Interessante studio del Parlamento Europeo sui prezzi personalizzati

Il microtargeting, permesso dai software guidanti le grandi piattaforme digitali, permette di fare offerte di beni o servizi personalizzate sul singolo cliente seppur sempre in qualche misure categorizzate (anche se categorie via via più ristrette, al punto che può riuscire difficile individuarne una, apputandosi titalmente sule idiosincresie di un singolo).

Il Parlamento Ue pubblica lo studio European Parliament, Directorate-General for Internal Policies of the Union, Rott, P., Strycharz, J., Alleweldt, F., Personalised pricing, Publications Office of the European Union, 2022,   (link diretto qui).

E’ di sicuro interesse, essendo  il tema assai nuovo e potendo scuotere le fondamenta economico-giuridiche dello scambio tra privati, cui eravamo abituati.

Son ravvisati tre livelli di personalizzazione: < Price personalisation can take different forms, namely first-degree personalisation (based on personal characteristics of individual consumers), second-degree price personalisation (based on the quantity of products, e.g. when several bottles are sold in one package) and third-degree personalisation (based on membership in a market segment or consumer group, e.g. student rebate), and can be presented as a different price or a personalised discount. First-degree price personalisation is the most problematic of the three forms. It bases on the consumers’ willingness to pay, that can be inferred from different types of personal data processed on individual or aggregated level. Subsequently, a price matched to the willingness to pay is offered either automatically through algorithmic processing or non-automatically through human intervention >

Non c’è bisogno di ricordare che è il first degree a presentare problemi.

Il dovere di informare sulla personalizzazione (novello art. 6.1.ebis dir. 2011/83; lo studio dice invece <art. 6.1.ea>, ma sul sito Eurlex la versione consolidata della dir. accoglie la prima) varrà ben poco, dato il mare informativo in cui qualòunque dato oggi è annegato.

Ragiona naturalmente anche sull’art. 22 GDPR , inerente alle decisioni individuali automatizzate.


<< This leads to the following conclusions. As price personalisation is expected to become more widespread in the near future and has already occasionally proven to occur, there is a need for regulating this phenomenon.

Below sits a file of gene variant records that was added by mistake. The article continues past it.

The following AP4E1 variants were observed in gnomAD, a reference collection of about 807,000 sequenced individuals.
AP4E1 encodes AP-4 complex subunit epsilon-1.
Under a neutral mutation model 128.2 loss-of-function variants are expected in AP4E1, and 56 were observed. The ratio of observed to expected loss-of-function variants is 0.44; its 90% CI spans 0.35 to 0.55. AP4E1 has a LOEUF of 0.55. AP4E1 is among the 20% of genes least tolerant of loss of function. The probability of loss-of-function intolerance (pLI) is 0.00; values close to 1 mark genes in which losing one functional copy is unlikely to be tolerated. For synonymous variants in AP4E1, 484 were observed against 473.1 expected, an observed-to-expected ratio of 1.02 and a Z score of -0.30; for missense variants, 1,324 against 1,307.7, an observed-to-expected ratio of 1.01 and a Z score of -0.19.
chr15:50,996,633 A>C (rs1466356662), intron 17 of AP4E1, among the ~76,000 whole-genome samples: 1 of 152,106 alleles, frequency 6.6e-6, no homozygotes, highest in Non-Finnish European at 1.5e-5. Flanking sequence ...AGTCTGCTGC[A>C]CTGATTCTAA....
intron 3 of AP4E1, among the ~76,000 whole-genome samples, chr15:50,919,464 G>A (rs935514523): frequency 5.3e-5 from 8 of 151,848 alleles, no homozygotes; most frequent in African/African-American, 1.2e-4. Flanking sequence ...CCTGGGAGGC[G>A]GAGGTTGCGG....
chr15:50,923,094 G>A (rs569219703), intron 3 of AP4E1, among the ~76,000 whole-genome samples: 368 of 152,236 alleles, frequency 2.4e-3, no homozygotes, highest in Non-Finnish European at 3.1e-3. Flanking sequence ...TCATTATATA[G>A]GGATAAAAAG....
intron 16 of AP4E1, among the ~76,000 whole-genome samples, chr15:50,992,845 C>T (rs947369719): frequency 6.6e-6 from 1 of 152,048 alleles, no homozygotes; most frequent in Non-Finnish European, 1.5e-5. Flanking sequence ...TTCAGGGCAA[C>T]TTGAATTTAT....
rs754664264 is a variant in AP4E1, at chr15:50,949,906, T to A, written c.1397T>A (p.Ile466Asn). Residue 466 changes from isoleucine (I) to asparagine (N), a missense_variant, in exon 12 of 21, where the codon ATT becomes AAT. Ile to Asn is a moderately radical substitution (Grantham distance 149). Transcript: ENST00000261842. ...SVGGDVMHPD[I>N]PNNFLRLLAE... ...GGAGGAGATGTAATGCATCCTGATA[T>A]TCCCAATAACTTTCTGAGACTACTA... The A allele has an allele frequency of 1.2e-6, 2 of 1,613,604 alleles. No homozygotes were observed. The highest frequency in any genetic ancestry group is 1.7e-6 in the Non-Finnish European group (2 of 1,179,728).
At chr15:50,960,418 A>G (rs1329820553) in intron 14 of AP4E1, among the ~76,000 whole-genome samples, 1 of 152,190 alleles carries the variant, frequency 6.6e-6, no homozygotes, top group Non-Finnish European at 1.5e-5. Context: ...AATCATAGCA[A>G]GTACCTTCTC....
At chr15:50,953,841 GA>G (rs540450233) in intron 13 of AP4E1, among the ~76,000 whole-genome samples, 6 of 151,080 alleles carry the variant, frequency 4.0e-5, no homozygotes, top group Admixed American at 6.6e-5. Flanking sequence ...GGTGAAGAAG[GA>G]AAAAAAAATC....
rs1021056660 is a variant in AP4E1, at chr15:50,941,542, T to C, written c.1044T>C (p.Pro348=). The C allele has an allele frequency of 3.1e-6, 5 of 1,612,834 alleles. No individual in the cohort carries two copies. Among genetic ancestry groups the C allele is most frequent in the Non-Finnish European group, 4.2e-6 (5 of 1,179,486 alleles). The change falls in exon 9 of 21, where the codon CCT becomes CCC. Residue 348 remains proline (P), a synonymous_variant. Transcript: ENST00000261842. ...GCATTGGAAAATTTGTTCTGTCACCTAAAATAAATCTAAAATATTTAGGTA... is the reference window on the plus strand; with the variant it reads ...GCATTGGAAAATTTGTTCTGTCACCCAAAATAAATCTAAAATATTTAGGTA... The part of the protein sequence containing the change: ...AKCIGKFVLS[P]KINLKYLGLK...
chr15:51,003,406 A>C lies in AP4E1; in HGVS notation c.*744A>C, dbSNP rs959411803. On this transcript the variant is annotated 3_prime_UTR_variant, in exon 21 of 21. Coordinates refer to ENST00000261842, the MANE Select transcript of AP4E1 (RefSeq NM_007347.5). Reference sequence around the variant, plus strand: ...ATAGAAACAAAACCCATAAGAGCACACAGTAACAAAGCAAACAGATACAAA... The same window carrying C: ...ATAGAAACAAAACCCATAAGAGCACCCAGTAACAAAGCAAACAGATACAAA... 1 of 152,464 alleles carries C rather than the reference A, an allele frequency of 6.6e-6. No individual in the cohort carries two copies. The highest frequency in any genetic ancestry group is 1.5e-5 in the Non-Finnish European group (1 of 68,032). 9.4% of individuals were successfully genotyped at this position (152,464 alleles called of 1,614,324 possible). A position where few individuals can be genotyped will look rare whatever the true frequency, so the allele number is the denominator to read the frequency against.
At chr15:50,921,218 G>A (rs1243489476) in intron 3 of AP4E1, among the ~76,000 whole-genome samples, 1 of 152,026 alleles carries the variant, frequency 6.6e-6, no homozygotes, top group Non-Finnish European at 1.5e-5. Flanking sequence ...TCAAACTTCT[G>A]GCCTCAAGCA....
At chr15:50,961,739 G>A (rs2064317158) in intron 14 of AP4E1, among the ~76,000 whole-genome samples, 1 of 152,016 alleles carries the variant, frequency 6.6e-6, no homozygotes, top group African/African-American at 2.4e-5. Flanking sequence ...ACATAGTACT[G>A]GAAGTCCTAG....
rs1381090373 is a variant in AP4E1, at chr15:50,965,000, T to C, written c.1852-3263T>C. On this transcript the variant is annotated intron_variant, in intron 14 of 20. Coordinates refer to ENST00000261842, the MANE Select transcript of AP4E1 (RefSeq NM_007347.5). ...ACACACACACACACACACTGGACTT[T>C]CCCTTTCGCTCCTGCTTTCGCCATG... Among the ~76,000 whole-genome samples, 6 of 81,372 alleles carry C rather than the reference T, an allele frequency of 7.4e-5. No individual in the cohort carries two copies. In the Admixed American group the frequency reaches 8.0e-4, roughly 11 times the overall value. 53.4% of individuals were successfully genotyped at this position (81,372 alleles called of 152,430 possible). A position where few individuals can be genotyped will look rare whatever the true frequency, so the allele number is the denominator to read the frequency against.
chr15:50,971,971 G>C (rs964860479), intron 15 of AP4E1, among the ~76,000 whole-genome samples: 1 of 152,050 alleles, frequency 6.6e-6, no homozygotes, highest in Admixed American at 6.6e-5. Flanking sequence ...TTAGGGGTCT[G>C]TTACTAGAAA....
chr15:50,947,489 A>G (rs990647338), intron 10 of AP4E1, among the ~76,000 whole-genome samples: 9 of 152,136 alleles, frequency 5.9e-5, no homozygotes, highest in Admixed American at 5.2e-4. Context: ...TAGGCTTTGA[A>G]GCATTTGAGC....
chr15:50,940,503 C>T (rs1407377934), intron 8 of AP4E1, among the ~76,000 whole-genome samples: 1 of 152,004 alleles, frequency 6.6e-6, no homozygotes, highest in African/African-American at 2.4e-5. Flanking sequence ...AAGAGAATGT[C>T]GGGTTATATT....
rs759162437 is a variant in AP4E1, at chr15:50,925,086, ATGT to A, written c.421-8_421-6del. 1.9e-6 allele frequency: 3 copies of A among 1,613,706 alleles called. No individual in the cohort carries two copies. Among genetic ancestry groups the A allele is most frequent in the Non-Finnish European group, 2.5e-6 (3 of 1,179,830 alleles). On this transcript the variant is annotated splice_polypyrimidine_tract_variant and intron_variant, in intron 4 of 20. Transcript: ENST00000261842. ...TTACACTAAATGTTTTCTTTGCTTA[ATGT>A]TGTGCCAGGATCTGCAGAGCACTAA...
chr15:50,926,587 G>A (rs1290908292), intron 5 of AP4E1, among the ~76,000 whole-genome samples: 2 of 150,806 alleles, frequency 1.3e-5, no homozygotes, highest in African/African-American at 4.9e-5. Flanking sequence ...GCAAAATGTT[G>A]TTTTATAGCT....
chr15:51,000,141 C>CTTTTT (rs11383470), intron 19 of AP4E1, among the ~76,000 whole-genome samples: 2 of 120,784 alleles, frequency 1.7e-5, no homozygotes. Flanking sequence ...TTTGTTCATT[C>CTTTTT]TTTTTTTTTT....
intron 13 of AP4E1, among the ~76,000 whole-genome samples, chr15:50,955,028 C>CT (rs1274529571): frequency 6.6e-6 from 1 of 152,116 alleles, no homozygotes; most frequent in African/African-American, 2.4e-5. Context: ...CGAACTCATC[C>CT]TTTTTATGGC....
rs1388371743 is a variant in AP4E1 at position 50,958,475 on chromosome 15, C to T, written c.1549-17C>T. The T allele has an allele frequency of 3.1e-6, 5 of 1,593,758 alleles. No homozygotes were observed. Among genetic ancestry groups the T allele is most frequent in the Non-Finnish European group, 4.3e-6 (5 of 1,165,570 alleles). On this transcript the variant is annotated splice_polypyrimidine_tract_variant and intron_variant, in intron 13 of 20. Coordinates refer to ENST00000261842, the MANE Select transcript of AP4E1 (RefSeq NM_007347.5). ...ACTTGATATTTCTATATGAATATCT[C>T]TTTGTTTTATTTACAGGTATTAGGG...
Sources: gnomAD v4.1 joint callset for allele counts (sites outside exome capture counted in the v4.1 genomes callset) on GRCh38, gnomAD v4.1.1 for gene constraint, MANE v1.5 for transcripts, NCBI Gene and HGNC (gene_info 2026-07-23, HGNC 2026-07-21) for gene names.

Given the general rejection by consumers of personalised pricing, regardless of potentially being offered lower or higher prices, and the likelihood of overall consumer detriment of such practices, one could consider prohibiting personalised prices in the form of first degree price discrimination that lead
to a higher than the regular price. At least, there are certain areas where personalised pricing should be prohibited, namely, universal service obligations in areas such as electricity, gas and telecommunications where everyone should have access to services of general interest at the same conditions.
Moreover, while anti-discrimination laws limit the way in which personalised pricing can be performed in that they prohibit the inclusion of certain criteria in the personalisation process (e.g. sex, race, colour, ethnic or social origin, etc.) certain ‘sensitive’ criteria are currently not covered. These could be prohibited to be used for the personalisation of prices, including health conditions, and vulnerabilities such as anxieties that should not be exploited.
Otherwise, information obligations regarding personalised pricing could be extended to all goods and services and to offline or hybrid situations, and information provided should be ‘meaningful’, a notion well-known from data protection law. Thus, traders would have to disclose how prices are personalised
and what criteria are used to do so. Moreover, traders should be required to place information on personalised pricing next to the price in such a way that it cannot be overlooked.

Enforcement should be facilitated through the reversal of the burden of proof once there is an indication of price personalisation. Competent authorities could be granted access to the algorithm
that is used.